Applying for Jobs in 2022 Hurts
Applying for jobs is a pain in so many ways. When considering applying, I think of the interview process and immediately lose the desire to seek a job. It’s more than the interviewing. It’s completing the application that requests uploading a resume to legit type in all the information. Those are small compared to the more irritating aspects of seeking employment in this current climate.
Indication of Receipt or Decline
In a previous post, Felicia Banks wrote Just Do Yo Damn Job and discussed completing the minimum job components. The point is, why don’t some organizations acknowledge receipt of an application? How come there is no response if you aren’t chosen? What happens when you complete an application, and no one responds? It is as if the application is in limbo. You never know if they received, reviewed, or decided. You may find out months later that you didn’t make the cut. It’s enough to make a person insecure about applying because there is no result. Don’t need employment in a hurry, especially if you are seeking a job that requires multiple degrees. One way to keep people honest is to find the contact of the role and email for clarification on the response process. Sometimes this is like finding a needle in the haystack but worth it for a piece of mind as it increases the chance of response.
Interviews range from 20 to 45 minutes and could be multiple. Some organizations are unclear about the purpose of interviews upfront. Those could be 20 minutes of “screening” the candidate or really be the interview. When speaking to any organization, it is best to be prepared as it could screen you out completely. What burns my butt is the interviews that are all day. Bruh...I have a job and must take a half day off work to interview with teams. This is the most annoying process. I’m losing time to attend an interview all damn day and still don’t get the job. So, 20 minutes of my time is meeting with the administrative assistant about strategy. WTF. There have been times when I quit in the middle of interviews because of the unprofessionalism of the review team. It provides an idea of what the organization is like. When interviewing, ensure you are prepared whether it is 15 or 45 minutes. Before scheduling interviews, make sure you speak to the scheduler about the process so that you can ascertain the worth. If it adds up, proceed.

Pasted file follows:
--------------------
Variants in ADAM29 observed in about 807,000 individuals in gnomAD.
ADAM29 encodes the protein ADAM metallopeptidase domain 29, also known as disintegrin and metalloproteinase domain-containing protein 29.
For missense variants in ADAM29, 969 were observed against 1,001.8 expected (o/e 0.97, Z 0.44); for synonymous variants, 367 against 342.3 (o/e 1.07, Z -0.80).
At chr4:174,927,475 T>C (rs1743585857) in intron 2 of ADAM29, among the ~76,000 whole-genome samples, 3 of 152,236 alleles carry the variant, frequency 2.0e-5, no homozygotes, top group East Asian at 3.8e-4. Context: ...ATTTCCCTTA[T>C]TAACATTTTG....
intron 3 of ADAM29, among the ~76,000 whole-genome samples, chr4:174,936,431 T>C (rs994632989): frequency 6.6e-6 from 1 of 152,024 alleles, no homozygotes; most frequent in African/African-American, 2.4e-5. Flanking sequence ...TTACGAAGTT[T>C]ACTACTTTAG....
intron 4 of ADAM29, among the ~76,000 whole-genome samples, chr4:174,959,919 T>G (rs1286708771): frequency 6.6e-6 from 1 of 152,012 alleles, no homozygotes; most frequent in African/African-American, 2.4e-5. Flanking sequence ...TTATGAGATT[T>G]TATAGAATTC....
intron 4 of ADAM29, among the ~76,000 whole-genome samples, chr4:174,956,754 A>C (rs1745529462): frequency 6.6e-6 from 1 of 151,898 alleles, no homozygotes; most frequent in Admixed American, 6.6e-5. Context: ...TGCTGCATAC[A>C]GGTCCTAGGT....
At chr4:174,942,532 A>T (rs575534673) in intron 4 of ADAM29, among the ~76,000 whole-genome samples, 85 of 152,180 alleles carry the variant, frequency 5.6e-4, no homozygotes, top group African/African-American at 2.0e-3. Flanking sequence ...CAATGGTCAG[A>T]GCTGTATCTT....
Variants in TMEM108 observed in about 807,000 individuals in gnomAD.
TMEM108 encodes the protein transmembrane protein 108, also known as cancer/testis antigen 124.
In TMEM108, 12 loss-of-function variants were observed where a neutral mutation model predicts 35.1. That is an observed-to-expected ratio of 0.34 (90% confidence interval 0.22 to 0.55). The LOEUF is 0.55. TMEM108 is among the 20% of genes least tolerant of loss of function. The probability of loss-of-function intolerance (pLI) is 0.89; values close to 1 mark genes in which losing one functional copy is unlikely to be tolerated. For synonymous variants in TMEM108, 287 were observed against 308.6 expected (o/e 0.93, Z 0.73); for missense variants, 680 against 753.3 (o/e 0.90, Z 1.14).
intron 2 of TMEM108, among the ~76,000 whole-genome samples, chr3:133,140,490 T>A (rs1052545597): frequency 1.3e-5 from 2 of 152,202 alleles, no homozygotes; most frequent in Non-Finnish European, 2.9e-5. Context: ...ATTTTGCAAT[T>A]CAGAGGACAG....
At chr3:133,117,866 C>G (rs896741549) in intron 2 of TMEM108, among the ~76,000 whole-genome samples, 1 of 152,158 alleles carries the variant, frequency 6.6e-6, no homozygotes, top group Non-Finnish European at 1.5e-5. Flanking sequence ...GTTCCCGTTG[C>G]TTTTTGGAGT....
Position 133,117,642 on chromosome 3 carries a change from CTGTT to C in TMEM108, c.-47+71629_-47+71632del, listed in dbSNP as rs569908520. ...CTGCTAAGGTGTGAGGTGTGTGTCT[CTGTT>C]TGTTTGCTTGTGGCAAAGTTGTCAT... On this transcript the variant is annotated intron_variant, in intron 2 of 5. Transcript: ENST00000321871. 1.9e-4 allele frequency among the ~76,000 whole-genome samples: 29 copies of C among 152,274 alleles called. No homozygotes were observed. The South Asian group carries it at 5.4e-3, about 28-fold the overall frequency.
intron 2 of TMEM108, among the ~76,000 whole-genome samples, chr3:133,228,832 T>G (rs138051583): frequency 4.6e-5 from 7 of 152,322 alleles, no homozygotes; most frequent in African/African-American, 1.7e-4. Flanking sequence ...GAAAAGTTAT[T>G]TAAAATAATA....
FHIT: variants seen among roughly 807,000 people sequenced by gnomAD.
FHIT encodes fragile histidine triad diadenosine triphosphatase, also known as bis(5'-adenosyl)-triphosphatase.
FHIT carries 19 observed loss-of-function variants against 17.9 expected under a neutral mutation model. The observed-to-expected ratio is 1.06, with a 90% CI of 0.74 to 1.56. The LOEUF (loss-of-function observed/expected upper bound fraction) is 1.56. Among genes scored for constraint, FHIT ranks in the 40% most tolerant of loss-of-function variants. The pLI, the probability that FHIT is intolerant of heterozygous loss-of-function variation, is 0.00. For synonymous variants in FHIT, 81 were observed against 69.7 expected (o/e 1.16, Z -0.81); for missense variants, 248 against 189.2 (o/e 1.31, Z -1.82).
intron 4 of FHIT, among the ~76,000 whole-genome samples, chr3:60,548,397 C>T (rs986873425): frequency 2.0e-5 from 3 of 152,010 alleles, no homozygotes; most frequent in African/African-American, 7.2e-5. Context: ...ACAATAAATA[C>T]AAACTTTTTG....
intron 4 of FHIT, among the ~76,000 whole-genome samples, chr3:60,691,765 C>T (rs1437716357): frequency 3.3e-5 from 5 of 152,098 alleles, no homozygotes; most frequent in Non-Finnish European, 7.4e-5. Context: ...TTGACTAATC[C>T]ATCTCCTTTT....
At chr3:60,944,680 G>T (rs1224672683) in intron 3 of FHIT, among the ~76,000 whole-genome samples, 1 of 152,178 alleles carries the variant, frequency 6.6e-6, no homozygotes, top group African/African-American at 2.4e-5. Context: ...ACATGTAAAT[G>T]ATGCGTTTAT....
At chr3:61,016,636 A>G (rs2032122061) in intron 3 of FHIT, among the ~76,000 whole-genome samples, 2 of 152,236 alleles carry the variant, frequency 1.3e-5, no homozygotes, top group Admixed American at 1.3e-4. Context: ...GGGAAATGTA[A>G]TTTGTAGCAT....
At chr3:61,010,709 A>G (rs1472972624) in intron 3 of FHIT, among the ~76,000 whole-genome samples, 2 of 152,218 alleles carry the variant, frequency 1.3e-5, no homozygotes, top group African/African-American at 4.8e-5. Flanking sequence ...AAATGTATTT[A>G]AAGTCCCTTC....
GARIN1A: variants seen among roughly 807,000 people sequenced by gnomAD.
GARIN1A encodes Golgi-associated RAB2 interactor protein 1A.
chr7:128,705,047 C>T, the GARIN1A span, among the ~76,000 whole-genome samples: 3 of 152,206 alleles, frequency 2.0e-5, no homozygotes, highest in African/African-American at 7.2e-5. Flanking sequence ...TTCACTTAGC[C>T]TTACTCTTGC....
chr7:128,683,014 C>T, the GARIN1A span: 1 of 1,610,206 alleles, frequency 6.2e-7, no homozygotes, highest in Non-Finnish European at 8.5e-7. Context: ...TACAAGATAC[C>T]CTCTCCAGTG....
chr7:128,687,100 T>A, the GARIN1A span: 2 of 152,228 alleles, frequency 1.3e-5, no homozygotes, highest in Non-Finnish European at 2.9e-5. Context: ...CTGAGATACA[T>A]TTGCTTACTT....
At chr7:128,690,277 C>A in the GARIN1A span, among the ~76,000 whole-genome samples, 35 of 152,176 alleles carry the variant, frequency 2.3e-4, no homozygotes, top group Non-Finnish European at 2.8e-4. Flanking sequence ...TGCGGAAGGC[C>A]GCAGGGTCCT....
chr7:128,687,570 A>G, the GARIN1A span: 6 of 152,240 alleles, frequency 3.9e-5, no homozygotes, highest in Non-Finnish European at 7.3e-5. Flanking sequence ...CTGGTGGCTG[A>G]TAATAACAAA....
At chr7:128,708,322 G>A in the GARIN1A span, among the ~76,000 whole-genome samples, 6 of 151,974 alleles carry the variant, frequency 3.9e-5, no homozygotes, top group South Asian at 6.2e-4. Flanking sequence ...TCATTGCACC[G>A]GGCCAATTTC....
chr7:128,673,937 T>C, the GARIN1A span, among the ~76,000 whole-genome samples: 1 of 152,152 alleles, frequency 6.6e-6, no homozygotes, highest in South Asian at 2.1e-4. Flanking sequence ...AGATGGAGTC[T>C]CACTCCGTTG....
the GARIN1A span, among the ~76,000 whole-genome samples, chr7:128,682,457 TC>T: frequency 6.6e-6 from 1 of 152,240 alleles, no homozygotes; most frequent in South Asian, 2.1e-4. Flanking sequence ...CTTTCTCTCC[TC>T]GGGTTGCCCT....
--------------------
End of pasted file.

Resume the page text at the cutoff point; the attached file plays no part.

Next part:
Job Posted But Not Really
I once applied for a job as an assistant superintendent. I came in second and realized later that the fix was in. You know the posted jobs that are already accounted for by someone in the organization. It’s just to ensure the organization checks all the legal boxes used to ensure fair practices were conducted but not fair at all. Imagine spending all that time preparing and interviewing to find out that you aren’t chosen when you know you killed the interview. Back to my example. I found that the person had previously worked with the superintendent, so the fix was made. Later, the superintendent was fined for hiring the person without proper credentials. I had the needed credentials, but it taught me about the fix. I wish there were easy ways to tell, but some are the length of time the job has been posted, the specific requirements of the position, and whether it is a new or existing role. These are not 100% but they are indicators.
Back in the day, you found out fairly quickly if you were declined, accepted, and did not progress in the interview process. I'm at the age now where I don't need to prove myself to anyone, especially in a subjective environment. Over 30 years in education and a commitment to continuing education with products show that. I'm not looking to climb higher. I want to be comfortable in work I can do and enjoy for a long time. Unfortunately, for those seeking jobs in this hiring environment, we see people hired in the friends and family plan over those more skilled and qualified. It is enough to frustrate and annoy, making the process of applying for jobs mentally trying. You know it's a different environment when you apply for a job and don't hear anything for six months.